A quick summary:
New investors often fall into the trap of equating share price with value. In reality the two are completely independant of each other. The share price is actually of very little consequence. As we will see later with stock splits, a company's share price is dependent on how many shares are in the market at any given time.
Let's take the example of McDonald's and Chipotle Mexican Grill. A stock in Chipotle currently costs around six times that of McDonald's. So which is the bigger company?
Chipotle is a great company that has been expanding rapidly, but it's nowhere near competing at McDonalds' level just yet. To get the figures, we look at the market capitalization of each company. We can work that out by looking at the current share price and multiplying it by the number of shares in the market.
Chipotle has around 31 million shares in the market right now, making the company worth $18.5 billion. McDonald's on the other hand has almost a billion shares, giving them a value (or market cap) of over $100 billion.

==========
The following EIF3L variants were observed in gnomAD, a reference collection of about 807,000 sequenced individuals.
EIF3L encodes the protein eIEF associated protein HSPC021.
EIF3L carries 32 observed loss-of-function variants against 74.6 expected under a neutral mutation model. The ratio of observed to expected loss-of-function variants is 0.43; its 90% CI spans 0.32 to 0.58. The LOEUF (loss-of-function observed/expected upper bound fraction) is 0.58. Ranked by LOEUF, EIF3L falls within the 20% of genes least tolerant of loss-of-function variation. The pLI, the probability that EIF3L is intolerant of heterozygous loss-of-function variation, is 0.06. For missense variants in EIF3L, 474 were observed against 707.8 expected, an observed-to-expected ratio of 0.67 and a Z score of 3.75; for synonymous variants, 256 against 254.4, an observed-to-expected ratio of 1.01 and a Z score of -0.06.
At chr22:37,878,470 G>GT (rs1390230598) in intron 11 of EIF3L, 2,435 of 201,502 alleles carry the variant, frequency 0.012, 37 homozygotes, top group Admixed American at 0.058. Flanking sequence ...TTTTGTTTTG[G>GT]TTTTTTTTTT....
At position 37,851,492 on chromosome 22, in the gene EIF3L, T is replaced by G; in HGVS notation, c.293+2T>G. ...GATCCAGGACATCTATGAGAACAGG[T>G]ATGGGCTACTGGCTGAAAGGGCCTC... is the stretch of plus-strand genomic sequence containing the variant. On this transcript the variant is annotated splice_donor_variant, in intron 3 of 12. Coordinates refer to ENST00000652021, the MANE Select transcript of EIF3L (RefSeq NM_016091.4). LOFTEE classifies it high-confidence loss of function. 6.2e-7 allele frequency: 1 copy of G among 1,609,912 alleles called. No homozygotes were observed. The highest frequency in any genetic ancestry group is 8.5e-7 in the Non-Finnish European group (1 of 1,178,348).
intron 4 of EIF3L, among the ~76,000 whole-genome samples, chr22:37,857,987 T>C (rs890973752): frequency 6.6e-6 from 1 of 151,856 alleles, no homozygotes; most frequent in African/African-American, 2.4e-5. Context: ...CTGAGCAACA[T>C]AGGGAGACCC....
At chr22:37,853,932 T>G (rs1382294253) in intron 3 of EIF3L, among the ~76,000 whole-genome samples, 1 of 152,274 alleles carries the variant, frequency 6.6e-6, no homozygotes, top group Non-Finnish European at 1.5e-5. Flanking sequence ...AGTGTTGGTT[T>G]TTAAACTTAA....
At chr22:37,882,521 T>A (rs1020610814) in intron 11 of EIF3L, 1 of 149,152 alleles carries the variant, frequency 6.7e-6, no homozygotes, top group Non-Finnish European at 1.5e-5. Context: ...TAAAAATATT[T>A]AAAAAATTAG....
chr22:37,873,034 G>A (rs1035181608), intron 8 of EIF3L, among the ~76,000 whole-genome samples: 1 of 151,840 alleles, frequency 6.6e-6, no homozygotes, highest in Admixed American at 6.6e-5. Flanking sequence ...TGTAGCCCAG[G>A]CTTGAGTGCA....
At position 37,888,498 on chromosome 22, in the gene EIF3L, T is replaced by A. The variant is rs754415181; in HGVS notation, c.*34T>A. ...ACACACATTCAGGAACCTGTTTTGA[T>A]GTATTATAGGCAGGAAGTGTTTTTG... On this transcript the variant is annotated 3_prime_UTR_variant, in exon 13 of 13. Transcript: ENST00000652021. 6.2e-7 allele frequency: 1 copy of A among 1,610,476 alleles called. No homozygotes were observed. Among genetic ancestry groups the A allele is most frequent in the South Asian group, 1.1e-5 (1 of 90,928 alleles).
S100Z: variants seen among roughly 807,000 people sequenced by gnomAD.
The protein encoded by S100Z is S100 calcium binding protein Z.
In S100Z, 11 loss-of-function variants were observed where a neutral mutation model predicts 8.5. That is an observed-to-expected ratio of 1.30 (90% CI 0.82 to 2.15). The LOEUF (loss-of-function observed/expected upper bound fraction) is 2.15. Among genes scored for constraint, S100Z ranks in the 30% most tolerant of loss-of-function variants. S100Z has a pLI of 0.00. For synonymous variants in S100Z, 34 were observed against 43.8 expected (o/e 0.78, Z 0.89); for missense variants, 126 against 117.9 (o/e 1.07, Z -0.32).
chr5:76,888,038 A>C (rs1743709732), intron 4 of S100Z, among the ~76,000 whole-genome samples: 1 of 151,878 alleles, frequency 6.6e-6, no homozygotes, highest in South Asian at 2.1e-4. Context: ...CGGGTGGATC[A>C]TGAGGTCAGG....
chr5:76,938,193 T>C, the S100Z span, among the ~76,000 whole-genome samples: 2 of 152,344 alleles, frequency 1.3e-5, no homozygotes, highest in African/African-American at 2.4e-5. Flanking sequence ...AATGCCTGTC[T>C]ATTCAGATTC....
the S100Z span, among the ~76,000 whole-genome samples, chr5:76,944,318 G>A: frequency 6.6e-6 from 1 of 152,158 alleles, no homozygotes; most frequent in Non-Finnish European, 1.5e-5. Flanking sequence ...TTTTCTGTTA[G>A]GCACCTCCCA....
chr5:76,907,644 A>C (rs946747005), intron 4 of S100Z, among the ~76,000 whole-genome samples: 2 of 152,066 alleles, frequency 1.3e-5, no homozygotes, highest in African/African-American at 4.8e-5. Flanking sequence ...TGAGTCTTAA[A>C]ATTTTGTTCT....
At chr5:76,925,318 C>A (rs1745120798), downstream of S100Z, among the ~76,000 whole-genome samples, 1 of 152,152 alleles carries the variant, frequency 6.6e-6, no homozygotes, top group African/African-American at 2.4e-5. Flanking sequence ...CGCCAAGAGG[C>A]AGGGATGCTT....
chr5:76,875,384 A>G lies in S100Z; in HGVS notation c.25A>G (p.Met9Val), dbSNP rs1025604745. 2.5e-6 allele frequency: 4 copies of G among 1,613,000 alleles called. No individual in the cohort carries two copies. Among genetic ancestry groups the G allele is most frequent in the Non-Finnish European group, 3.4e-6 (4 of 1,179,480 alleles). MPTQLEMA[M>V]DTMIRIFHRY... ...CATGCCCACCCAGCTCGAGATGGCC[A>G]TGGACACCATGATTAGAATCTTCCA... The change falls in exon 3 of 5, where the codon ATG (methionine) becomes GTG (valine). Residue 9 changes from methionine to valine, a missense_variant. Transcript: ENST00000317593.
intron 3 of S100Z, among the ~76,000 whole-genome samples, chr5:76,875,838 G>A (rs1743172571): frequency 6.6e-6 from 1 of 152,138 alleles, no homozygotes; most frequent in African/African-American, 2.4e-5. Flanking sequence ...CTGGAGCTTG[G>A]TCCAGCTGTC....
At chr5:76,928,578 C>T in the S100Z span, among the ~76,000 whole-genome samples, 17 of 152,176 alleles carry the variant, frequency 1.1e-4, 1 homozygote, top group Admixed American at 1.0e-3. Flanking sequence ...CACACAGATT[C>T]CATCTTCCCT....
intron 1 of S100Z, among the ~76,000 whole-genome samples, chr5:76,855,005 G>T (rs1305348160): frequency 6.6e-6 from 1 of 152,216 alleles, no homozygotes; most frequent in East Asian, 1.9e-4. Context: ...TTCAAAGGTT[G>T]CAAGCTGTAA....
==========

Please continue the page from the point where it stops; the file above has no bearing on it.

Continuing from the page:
So what does this mean for investors? Shouldn't you just invest in the most valuable companies?
It all depends on what your goal is as an investor. The more valuable companies are much safer investments. Apple, Google, and Disney aren't going anywhere anytime soon. You're pretty much guaranteed that you won't lose all your money on these guys.
The flipside is that these companies aren't going to grow as fast as smaller companies like Chipotle, iRobot, and SolarCity. These companies have more room to expand and therefore could see huge rises over the next few years. Of course, that also makes them riskier investments.
So you're making a trade off between risk and reward. The more volatile a company, the greater the potential for growth. The more secure a company, the less the chance of quadrupling your money.
There are six levels of market capitalization.
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